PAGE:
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Teachers graduates from the web to basic cable (without honors)

Cate Freedman in Teachers / TV Land
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Until recently, it would be odd to hear two anal-bleaching jokes in consecutive episodes of a TV Land sitcom. This was the domain of Betty White and the Hot In Cleveland crew, and before that Roseanne and Dan, who had their foibles but generally stayed away from anal-bleaching yuks. And before that, Lucy and Ricky, who did not know what anal bleaching was.


Ah, but it’s a new day.

First there was Impastor, the naughty sitcom featuring a pot-smoking faux-clergyman as its center. It was a little nastier than anything else that had been on TV Land (even The Jim Gaffigan Show, the sweet sitcom it was paired with). Now comes Teachers, a show that builds on the blue that Impastor tries so very hard to bring to TV Land, and multiplies it.


Teachers is based on the webseries created by Matt Miller and the Katydids, a group of Chicago-based comedians whose names are all a variation on Katherine (Katie Thomas, Katie O’Brien, Caitlin Barlow, Cate Freedman, Katy Colloton, Kate Lambert), and ushered to basic cable by Community’s Alison Brie. (Brie serves as a producer and has a cameo in the first episode.) The series covers the lives of six educators who talk about how cool it is to date a drug dealer, then have to chastise kids on the playground in the same breath. It’s a tantalizing subject. For children, it’s nearly impossible to see outside the self and believe that teachers have inner lives that don’t involve their wholly consuming jobs. For adults, teachers are peers, meaning that the person you got hammered with on Friday night could have been up at 7 a.m. molding the minds of America’s youth.

Teachers shares some of its DNA with Bad Teacher (both the cinematic and televised versions), building an entire faculty out of the type of narcissists previously played by Cameron Diaz and Ari Graynor. And the new series is good for the same kinds of gags, in which leaders of children prefer to get high in their cars rather than open homeroom early. But like its predecessors, Teachers tends to feel all shtick and no story. As a web series, Teachers dealt in short episodes, with seasons organized around a single theme. The half-hour version is similar, with each episode focusing on a schoolyard issue—i.e., picture day or bullying—with each teacher breaking off to carry out their own storyline based around that motif.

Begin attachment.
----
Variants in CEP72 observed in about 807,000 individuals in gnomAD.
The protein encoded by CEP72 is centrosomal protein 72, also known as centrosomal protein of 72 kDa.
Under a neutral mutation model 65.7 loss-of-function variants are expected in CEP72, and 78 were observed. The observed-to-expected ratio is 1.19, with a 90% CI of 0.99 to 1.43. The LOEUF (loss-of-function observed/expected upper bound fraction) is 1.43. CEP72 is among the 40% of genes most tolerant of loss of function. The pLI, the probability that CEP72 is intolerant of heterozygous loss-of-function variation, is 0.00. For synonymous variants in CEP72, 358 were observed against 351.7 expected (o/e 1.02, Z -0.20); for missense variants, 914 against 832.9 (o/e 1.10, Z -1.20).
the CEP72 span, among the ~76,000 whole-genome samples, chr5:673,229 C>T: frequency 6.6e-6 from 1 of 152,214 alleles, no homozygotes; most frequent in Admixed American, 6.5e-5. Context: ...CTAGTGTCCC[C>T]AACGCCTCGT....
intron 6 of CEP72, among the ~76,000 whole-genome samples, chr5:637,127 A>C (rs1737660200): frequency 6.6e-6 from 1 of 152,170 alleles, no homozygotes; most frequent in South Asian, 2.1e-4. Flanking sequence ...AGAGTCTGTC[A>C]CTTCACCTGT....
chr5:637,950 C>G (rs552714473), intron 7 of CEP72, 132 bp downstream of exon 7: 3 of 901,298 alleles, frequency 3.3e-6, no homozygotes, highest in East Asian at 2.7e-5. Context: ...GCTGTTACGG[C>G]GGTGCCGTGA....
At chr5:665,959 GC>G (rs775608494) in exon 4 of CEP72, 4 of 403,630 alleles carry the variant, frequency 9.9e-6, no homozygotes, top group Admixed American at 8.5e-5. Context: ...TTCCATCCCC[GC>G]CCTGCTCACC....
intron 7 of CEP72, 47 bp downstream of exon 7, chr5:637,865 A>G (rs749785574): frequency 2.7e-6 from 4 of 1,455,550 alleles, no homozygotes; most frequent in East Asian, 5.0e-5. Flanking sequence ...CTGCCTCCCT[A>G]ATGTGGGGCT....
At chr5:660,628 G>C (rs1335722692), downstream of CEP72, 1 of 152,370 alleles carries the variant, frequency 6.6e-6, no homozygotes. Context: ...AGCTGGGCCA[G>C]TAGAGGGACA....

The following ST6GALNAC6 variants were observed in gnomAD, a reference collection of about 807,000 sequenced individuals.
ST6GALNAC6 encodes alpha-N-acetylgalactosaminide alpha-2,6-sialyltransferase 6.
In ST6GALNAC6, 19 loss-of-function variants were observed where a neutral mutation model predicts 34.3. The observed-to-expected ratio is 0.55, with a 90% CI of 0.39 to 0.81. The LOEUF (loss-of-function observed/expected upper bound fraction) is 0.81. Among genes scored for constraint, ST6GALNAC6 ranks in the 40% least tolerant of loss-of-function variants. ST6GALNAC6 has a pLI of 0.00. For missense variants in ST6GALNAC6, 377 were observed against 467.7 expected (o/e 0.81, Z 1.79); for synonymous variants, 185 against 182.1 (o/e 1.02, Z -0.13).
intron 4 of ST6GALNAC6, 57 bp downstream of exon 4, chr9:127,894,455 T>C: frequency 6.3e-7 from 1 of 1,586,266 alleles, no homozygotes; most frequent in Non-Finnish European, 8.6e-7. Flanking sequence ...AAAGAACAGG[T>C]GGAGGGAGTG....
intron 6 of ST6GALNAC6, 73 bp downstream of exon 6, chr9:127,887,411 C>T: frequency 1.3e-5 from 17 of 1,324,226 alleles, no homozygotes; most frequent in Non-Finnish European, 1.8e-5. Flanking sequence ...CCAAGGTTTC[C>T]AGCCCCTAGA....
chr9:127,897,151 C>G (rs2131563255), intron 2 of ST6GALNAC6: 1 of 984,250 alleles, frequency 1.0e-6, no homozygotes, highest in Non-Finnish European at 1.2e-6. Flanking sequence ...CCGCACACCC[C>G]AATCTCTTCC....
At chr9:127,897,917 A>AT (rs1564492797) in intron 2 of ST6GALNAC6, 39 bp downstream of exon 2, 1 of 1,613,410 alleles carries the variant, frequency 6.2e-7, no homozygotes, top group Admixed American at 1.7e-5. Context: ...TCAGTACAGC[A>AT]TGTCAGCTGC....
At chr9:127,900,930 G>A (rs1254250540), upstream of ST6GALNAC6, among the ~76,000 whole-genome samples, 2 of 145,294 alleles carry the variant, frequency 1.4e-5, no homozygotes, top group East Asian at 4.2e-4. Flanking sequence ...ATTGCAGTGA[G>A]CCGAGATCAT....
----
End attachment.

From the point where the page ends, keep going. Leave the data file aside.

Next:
It’s not a seamless transition, and what works in short bursts has trouble sustaining itself over a half hour—and that goes for concept as well as characters. Unlike Broad Cityanother show that made the jump from the internet—Teachers still feels like a webseries, just in a longer format. There’s a lack of fleshed out narrative in the four episodes screened for critics; the structure has been taken from a medium that’s at its best when it’s short, but it’s been stretched thin to fill a half-hour and that stretching shows. The principals work better in small doses, and some work better than others. Cate Freedman’s spaced-out Ms. Feldman and Katie O’Brien’s goody-goody Ms. Bennigan are standouts, while Kate Lambert’s heartbroken Ms. Watson and Katy Colloton’s self-centered Ms. Snap feel more like one-joke ponies.

That’s not to say that Teachers can’t get better as it sheds the constraints of its original medium, especially because the Katydids are a talented and fearless group of women. Their comedy lacks vanity, and their onscreen chemistry together is quite good, with each member of the troupe filling a different stereotype for Teachers. (The heartbroken romantic, the goody goody with a secret dirty side, the crusading activist, or the slacker who took the job for summers off.) They’ve been doing this together for a long time, and it shows. With a little more experience, Teachers could adapt to its new format—but it’s not there yet.


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